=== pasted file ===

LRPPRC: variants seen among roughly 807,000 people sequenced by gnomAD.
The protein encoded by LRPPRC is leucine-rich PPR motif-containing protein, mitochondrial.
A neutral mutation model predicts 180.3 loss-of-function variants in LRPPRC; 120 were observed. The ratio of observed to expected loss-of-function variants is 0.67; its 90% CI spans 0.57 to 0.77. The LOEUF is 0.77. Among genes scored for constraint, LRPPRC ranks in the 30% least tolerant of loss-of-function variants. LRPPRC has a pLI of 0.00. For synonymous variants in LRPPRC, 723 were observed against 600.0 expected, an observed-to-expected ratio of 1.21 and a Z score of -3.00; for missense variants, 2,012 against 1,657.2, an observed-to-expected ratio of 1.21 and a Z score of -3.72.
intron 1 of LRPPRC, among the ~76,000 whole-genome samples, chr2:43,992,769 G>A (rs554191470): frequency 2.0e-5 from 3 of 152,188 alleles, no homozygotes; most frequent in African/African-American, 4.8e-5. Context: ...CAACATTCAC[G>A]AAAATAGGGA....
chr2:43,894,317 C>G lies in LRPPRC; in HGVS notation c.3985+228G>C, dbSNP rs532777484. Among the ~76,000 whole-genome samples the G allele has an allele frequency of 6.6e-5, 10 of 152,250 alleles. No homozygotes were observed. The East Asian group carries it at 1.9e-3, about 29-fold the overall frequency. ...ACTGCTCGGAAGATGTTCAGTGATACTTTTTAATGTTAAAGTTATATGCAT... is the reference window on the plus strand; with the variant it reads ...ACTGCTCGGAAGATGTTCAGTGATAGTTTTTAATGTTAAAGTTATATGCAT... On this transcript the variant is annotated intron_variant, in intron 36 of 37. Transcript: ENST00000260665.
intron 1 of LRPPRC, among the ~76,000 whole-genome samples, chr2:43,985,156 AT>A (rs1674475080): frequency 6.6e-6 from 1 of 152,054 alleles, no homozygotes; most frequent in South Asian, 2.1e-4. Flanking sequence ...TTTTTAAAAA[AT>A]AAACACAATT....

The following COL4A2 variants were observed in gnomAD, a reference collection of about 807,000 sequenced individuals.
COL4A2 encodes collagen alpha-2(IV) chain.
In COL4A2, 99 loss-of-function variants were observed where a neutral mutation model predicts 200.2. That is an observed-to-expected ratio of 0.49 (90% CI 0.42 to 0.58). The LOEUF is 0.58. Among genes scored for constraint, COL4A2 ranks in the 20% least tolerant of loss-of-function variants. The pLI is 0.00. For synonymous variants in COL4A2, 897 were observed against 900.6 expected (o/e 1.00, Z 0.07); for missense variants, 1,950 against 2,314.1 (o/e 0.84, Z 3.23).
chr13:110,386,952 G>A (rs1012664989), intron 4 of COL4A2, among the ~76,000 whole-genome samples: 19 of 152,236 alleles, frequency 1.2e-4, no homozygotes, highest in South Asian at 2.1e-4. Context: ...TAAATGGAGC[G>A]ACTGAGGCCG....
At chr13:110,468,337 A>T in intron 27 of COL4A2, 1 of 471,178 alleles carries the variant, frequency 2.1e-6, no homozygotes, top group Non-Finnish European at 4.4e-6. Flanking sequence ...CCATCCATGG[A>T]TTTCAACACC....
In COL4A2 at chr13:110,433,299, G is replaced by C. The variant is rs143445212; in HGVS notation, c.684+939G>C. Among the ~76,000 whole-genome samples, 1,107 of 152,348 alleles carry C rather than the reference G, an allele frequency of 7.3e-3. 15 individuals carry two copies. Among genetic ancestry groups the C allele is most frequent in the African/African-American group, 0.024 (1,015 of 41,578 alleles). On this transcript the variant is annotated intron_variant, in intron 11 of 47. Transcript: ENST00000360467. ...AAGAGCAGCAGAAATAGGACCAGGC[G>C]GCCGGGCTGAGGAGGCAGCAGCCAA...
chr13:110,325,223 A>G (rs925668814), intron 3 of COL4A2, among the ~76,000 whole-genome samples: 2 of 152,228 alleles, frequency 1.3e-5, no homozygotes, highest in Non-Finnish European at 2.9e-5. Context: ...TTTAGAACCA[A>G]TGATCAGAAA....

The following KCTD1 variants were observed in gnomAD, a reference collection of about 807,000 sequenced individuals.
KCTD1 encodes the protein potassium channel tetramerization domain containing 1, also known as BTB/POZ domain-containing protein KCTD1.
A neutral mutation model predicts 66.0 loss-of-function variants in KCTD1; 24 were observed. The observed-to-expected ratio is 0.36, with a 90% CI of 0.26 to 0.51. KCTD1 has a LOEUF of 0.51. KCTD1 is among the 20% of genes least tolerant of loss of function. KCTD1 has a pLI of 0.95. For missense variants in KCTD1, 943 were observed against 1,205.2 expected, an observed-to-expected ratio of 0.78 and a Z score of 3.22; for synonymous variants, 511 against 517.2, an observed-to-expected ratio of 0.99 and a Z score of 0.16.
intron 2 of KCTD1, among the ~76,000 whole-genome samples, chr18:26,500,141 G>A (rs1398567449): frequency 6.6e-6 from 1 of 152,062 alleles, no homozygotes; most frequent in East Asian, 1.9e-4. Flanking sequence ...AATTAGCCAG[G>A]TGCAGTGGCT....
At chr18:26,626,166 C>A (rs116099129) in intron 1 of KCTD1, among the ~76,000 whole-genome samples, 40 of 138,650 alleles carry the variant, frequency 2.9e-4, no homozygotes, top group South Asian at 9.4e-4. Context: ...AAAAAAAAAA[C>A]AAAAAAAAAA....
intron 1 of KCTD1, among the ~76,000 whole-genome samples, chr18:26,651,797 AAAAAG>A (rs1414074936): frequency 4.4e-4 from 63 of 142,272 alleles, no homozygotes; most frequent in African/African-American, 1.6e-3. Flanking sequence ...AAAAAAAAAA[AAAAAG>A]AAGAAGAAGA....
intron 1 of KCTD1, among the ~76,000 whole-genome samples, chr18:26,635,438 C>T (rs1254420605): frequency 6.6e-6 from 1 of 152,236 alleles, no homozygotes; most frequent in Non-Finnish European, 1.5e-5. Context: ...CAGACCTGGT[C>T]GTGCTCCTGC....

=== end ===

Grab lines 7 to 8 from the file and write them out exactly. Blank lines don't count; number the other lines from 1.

The following COL4A2 variants were observed in gnomAD, a reference collection of about 807,000 sequenced individuals.
COL4A2 encodes collagen alpha-2(IV) chain.